Nancy Edelstein: First Year
Photographic Artist Nancy Edelstein took the plunge this year and returned to the the classroom as an MFA Candidate at MICA – Maryland Institute College of Art. I was curious about her experience and she graciously offered to share this year’s journey, with additional posts to follow. – Aline Smithson
Back to School – Really?
On Being a “First Year” MFA Candidate
Returning to college for an MFA degree had never occurred to me until just last Christmas when a few photography friends were over for dinner. I had just completed a handmade photographic book project and was showing it to the group. One of the teacher/photographers looked through it slowly and finished by saying that I really could use this as my portfolio to apply to any graduate school. Out of the blue, those words for me sparked excitement and intrigue. I was already up for a what’s-next challenge. I had noticed with envy the confidence that young kids coming out of college had with their MFA degrees and that I was lacking, even after my measly BFA and decades of picture-making. I knew going back to school would be impossibly challenging and that it was pretty late in the game for me to take on something so unknown. But if not now, when? I gave myself until the first of the year to think about it.
I had heard about interdisciplinary MFA programs, designed with a shared curriculum for all the combined art practices. This approach encourages a crossover of work made within the various art mediums. I was ready to get my work off the wall, outside the frame and into three-dimensional space, and interdisciplinary study seemed like an opportunity to explore all of this. I was also looking for an academic program to gain a deeper understanding of art history and contemporary art critique, and a community to discuss this with. Finally, I was thinking that going back to school would be a gift to myself, allowing me the time and structure to go beyond my own restraints and hopefully find new freedom within my practice.
The downside, of course, was that I could fail. But I knew that I would only be doing this for myself, so pleasing others and being measured by outside standards should not be a driving factor—and that turned out to be something I would constantly need to remember.
On New Year’s Day I looked online to see what was out there. I began by searching specifically for Low Residency MFA programs around the country. These programs were first offered back in 1963 to allow teachers to acquire advanced degrees during their summer vacations. Usually they are structured with an intensive six-to-eight-week residency on campus in the summers, and continued art practice and academic work back home for the rest of the year. Some of the programs are three summers long with two years in-between, and others have an additional year of each. While I’m not a teacher, this structure worked best for me, as I do have family commitments and connections at home. Low Residency programs generally take longer than the traditional two-year MFA programs, but since I was not in a hurry, the timeline seemed perfect: it would allow me more time to develop both during the summers away and at home.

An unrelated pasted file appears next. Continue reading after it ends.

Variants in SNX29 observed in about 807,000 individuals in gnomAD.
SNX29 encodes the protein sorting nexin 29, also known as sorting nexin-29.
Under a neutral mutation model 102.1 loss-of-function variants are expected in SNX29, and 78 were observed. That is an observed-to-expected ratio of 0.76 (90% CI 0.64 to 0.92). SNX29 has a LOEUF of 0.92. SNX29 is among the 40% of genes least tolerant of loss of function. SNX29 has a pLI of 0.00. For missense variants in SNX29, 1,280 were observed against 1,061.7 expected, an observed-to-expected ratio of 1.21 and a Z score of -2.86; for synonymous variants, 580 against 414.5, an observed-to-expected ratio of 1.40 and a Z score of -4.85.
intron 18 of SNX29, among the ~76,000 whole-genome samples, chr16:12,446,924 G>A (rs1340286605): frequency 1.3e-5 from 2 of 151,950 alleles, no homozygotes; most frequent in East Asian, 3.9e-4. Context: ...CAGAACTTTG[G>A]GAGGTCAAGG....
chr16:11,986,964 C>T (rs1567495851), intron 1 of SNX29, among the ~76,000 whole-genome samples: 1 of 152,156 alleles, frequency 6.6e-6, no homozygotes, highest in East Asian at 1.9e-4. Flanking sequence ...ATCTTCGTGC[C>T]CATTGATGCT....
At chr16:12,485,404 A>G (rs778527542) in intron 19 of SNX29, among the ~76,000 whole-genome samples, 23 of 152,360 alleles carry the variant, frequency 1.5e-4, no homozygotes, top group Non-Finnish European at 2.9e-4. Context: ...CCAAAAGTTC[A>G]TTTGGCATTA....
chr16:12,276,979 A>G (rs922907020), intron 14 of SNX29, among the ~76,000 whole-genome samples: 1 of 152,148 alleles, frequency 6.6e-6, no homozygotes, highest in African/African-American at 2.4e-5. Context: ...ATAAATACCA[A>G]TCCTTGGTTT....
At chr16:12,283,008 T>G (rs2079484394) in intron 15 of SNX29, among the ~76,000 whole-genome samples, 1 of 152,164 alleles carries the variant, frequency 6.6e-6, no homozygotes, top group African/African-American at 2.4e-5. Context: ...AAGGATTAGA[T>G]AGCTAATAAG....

The big surprise, and slight disappointment, was that I had already missed many of the December deadlines for applying to some of the really great art schools. I knew if I was going to do this at all, it would be best to begin right away. Fortunately, there were still many excellent choices available. Comparing the different programs online was extremely confusing, with each school presenting its program in its own way buried deep within its website. I eventually made a chart to manage it all and relied on that throughout the process. Unfortunately, I didn’t have much time to digest the information, since most of the applications were due by the end of January or February. Choosing which schools to consider (I hadn’t heard of many of them) led me to confer with knowledgeable friends as well as to consult the “Best MFA Schools in the US” articles online.
Luckily, my original first-choice program was still accepting applications for two more weeks, so I scrambled to write an essay and gratefully collected my two wonderful references, dug out the ancient undergraduate transcript that was required, and formatted my book pages to accommodate the portfolio specifications. I submitted all of this on time and was prepared to leave it up to fate.
In the meantime, I found some other schools online that sounded great, although less familiar to me, and they were still accepting applications. I also realized that my first-choice school, while top-rated, was possibly not the best fit for me after all. It had a large program size, over 125 students, and seemed quite competitive—neither attribute signaled an atmosphere in which I would thrive. With a bit more research, I chose two more schools and applied to them as well, using the same application materials I had already gathered. Not long after, I heard from each of the schools by phone: my first choice with an acceptance, and the other two with requests for Interviews.